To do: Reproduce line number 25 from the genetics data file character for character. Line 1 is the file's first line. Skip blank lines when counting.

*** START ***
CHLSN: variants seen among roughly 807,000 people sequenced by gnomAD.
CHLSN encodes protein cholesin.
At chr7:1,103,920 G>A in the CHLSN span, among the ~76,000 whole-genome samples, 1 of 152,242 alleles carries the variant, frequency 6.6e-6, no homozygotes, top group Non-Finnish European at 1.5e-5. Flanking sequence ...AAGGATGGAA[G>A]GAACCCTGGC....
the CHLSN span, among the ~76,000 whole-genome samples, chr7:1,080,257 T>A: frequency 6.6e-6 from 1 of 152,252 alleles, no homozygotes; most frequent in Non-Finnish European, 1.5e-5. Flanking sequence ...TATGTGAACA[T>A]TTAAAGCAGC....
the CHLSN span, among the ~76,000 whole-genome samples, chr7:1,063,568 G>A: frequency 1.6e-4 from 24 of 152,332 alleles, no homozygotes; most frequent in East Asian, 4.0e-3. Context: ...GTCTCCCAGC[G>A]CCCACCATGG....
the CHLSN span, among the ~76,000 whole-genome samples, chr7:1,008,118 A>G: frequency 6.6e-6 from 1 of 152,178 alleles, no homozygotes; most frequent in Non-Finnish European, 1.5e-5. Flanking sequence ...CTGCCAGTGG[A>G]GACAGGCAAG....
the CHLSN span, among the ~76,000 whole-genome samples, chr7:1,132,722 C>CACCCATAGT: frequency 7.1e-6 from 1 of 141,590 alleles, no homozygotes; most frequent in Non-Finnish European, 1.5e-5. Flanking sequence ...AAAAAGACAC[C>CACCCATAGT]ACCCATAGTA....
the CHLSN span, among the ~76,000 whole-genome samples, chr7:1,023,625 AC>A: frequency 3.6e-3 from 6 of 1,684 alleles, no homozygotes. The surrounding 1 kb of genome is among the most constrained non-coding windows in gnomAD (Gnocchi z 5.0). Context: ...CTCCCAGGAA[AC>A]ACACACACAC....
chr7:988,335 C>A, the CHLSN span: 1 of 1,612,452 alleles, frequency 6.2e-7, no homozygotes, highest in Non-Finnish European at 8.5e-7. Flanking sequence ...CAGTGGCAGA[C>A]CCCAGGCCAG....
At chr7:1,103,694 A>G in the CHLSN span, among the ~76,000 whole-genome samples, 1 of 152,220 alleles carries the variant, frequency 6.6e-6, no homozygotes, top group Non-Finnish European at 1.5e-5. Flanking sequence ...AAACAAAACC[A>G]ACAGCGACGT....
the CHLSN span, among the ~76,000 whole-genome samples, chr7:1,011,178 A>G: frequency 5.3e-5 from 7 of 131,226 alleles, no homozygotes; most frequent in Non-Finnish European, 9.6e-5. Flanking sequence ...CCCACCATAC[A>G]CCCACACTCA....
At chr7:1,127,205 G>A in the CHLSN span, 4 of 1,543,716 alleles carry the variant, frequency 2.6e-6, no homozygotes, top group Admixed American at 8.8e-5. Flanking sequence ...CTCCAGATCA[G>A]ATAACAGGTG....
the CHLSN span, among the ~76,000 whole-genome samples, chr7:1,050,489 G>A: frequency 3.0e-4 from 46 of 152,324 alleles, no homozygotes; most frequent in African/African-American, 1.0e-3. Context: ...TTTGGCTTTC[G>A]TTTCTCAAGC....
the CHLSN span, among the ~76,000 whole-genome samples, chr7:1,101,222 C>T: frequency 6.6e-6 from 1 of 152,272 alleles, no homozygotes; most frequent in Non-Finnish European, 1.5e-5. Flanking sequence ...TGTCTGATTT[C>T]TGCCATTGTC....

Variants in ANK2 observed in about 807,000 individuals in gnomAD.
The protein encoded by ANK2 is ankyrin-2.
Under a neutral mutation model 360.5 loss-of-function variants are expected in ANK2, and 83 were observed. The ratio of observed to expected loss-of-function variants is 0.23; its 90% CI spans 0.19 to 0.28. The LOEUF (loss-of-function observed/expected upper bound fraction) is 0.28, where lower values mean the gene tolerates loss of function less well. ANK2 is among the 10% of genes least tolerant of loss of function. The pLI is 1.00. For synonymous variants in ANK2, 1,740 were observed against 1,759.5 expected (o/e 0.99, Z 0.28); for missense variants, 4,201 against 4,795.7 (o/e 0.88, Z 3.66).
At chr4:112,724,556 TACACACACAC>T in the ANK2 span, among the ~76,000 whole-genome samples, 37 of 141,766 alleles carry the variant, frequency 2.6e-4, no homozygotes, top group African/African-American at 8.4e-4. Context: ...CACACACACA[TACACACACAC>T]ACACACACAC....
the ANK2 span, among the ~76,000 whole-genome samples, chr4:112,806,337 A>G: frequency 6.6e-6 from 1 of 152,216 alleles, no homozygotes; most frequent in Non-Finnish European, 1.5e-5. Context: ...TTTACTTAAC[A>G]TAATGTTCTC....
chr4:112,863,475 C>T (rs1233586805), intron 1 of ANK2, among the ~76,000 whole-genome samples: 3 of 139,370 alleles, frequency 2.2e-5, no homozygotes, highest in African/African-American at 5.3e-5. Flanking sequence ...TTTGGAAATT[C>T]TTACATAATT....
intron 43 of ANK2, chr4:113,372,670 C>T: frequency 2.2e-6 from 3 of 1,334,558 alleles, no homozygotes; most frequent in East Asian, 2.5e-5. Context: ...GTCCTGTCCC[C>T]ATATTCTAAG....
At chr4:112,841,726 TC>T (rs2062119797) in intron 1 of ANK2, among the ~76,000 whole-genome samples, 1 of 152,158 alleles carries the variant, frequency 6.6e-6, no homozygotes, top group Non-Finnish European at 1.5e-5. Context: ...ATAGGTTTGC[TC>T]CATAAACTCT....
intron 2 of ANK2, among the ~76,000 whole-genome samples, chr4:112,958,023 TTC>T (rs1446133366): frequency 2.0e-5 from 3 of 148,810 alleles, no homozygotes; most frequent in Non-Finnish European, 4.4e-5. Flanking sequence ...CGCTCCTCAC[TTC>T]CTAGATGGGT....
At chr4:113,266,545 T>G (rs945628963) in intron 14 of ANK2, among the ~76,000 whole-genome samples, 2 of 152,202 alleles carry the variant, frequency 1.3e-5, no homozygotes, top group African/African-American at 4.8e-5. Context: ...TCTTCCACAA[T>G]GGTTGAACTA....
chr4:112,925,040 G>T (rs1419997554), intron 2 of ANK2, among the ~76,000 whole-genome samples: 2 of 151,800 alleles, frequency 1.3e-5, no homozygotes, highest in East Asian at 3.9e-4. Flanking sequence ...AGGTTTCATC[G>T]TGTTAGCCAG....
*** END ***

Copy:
chr4:112,925,040 G>T (rs1419997554), intron 2 of ANK2, among the ~76,000 whole-genome samples: 2 of 151,800 alleles, frequency 1.3e-5, no homozygotes, highest in East Asian at 3.9e-4. Flanking sequence ...AGGTTTCATC[G>T]TGTTAGCCAG....